Longbourn by Jo Baker

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Summary: "• Pride and Prejudice was only half the story •
If Elizabeth Bennet had the washing of her own petticoats, Sarah often thought, she’d most likely be a sight more careful with them. In this irresistibly imagined belowstairs answer to Pride and Prejudice,the servants take center stage. Sarah, the orphaned housemaid, spends her days scrubbing the laundry, polishing the floors, and emptying the chamber pots for the Bennet household. But there is just as much romance, heartbreak, and intrigue downstairs at Longbourn as there is upstairs. When a mysterious new footman arrives, the orderly realm of the servants’ hall threatens to be completely, perhaps irrevocably, upended.

Jo Baker dares to take us beyond the drawing rooms of Jane Austen’s classic—into the often overlooked domain of the stern housekeeper and the starry-eyed kitchen maid, into the gritty daily particulars faced by the lower classes in Regency England during the Napoleonic Wars—and, in doing so, creates a vivid, fascinating, fully realized world that is wholly her own."

Review: So my first exposure to this novel came from this, my reaction to which was along the lines of, "haven't we had enough of Downton Abbey and Pride and Prejudice? Except, apparently, combining them..." followed by a weary sigh. In addition to my amazement that the movie had ALREADY been optioned, despite the fact that the book wasn't finished being written yet...

That being said, it turns out to be a pretty good book. I like seeing the day-to-day operations of the house and understanding the sort of work that goes into keeping a house like that running. It's interesting to see the Bennet family from the servants' point of view, and to understand that even though they consider themselves "poor" as compared to their peers, they're still firmly upper-class as compared to their servants.

The plot is interesting to me; at the time, it's fascinating and engrossing, but looking back at it, it's pretty straightforward and simple. Which is rather Austen-esque, now that I think of it. You get caught up in it, and then look back and realize not much happened.

Goodreads Shelves: bechdel-test, is-or-would-be-a-good-movie, is-this-a-kissing-book, my-kind-of-woman, thought-provoking



To Kill a Mockingbird by Harper Lee

Summary: "'You never really understand a person until you consider things from his point of view .. until you climb into his skin and walk around in it.'

Tomboy Scout Finch comes of age in a small Alabama town during a crisis in 1935. She admires her father Atticus, how he deals with issues of racism, injustice, intolerance and bigotry, his courage and his love."

Review: I can't believe I hadn't read this one until now. Most people read it in school, and I guess my class read A Tree Grows in Brooklyn instead?

I really liked it, though. I like Atticus, and how he's a good solid moral compass, not just for Scout and Jem, and not just for the book itself, but for the reader to look up to and admire. I like that he's human and makes mistakes, especially one like assuming that people are not going to be cowards (spoiler: sometimes people are cowards).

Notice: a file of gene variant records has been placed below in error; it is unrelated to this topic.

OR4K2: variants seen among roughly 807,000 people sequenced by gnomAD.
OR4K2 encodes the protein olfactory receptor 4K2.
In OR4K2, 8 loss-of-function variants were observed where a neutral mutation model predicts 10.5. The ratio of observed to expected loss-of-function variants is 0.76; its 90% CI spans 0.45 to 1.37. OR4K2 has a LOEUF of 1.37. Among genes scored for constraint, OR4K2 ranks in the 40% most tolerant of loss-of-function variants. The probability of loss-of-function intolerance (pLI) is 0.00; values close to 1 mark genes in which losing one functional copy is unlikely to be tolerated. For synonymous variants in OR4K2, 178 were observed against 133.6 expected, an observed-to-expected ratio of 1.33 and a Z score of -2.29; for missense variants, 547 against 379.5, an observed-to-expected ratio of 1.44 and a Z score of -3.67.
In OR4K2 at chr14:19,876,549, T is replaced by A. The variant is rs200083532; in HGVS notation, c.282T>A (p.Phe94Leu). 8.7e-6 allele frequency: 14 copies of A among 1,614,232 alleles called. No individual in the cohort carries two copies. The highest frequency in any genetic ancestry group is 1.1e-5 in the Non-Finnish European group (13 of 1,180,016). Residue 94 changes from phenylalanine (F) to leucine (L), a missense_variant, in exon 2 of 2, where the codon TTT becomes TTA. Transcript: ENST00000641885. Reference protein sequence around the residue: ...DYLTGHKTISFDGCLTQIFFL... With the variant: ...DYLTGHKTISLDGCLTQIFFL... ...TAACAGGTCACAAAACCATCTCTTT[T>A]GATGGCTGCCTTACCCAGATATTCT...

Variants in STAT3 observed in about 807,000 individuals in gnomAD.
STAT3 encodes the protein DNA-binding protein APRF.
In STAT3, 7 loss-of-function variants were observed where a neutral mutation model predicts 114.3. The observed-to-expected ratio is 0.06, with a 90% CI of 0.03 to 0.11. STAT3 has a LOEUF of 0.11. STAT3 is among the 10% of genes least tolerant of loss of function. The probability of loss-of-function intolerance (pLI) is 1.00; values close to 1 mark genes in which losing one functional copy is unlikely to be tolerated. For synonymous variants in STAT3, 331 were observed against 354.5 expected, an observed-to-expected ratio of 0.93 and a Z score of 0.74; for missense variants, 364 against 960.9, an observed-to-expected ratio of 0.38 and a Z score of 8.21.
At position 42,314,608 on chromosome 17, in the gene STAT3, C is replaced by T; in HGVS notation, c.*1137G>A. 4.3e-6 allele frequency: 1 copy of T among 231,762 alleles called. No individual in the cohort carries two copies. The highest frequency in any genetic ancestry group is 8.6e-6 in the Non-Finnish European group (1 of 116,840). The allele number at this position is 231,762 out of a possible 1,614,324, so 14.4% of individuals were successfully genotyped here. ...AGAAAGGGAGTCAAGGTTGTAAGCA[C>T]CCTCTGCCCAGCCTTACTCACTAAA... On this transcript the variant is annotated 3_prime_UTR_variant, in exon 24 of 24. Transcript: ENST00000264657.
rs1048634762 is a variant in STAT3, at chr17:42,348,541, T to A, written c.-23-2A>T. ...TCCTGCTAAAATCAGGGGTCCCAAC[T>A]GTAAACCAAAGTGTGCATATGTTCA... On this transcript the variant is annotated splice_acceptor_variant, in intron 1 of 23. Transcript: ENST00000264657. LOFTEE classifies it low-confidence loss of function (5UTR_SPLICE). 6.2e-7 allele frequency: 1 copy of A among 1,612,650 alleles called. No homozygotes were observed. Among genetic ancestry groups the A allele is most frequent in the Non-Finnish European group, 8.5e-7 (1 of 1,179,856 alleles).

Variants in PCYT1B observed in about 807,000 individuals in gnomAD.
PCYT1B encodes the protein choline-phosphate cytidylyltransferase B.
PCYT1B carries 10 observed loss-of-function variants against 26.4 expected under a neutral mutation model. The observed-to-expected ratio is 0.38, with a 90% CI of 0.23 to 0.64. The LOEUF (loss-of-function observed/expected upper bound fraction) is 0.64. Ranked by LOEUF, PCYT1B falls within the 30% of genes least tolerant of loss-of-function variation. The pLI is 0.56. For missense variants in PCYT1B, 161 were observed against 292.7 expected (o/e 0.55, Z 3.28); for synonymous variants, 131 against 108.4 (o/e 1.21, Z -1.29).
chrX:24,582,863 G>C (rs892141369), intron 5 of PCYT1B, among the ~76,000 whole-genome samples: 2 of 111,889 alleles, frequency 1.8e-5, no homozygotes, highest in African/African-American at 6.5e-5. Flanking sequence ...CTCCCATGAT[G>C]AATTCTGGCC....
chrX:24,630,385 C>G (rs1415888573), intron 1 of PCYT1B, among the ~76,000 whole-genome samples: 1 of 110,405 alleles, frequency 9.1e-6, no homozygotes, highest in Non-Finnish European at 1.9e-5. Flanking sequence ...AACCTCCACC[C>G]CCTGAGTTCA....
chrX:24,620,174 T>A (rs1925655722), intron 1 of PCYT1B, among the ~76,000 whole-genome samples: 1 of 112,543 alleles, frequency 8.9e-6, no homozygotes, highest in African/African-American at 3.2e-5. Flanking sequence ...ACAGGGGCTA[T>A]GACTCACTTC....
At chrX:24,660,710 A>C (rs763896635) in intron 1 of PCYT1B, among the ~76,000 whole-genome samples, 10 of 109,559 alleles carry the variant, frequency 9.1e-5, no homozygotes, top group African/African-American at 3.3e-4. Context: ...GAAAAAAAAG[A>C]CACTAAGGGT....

I like Jem's journey, and I feel like the author did a good job capturing "teenage boy". Even when Jem wants to be a good kid and do the right things, he's still a little harsh towards Scout while he figures himself out.

I'll probably be rereading this one from time to time.

Goodreads Shelves: bechdel-test, i-feel-so-smart-now, is-a-movie, my-kind-of-woman, thought-provoking



The Four Doors by Richard Paul Evans

Summary: "Bestselling novelist Richard Paul Evans has met hundreds of thousands of people and heard many of their stories in his travels over the past two decades. Most of the people he meets are hungry for inspiration; they love his novels because his characters are also searching for meaning and understanding.

The Four Doors is Evans’s message to those who seek inspiration in their lives. It began as a talk he gave on the spur of the moment, and over the course of ten years, it has evolved into a message he has shared with successful business people, students, and even addicts and prisoners. It includes stories his readers have told him, stories about great achievers who overcame hardships, and stories about his own struggle growing up in a large family with financial difficulties and a suicidal mother, and about his diagnosis of Tourette’s Syndrome later in life. These inspiring stories are woven through his identification and careful explanation of the four doors to a more fulfilling life:





Evans believes that we all want to know the meaning of our lives. In The Four Doors, he shows how even the most quiet life can be full of purpose and joy, if we choose to take that first step over the threshold."

Review: So I've never read anything by Richard Paul Evans, and to be honest, his books always struck me as being kind of cheesy. (Pretty much anything that can be described as "heartwarming" does; it's just a prejudice I have.) I might have to start reading his fiction, though, because I really liked this one.

This is a pretty great book. It's short, which means there isn't much to it, but what IS there is really good stuff. Just a few pieces of advice for ways to make your life what you want it to be, instead of what it is. If you feel like you don't have control over the things in your life and like you don't like where life has brought you, you should give this book a shot. It might be the little nudge you need to get yourself somewhere you'd rather be.

Lately I'm really loving books that motivate me. I've been having motivation problems in my life, so I really like books like this one, that make me want to DO things to make my life (and MYSELF) better.

Goodreads Shelves: be-proactive, i-feel-so-smart-now, thought-provoking


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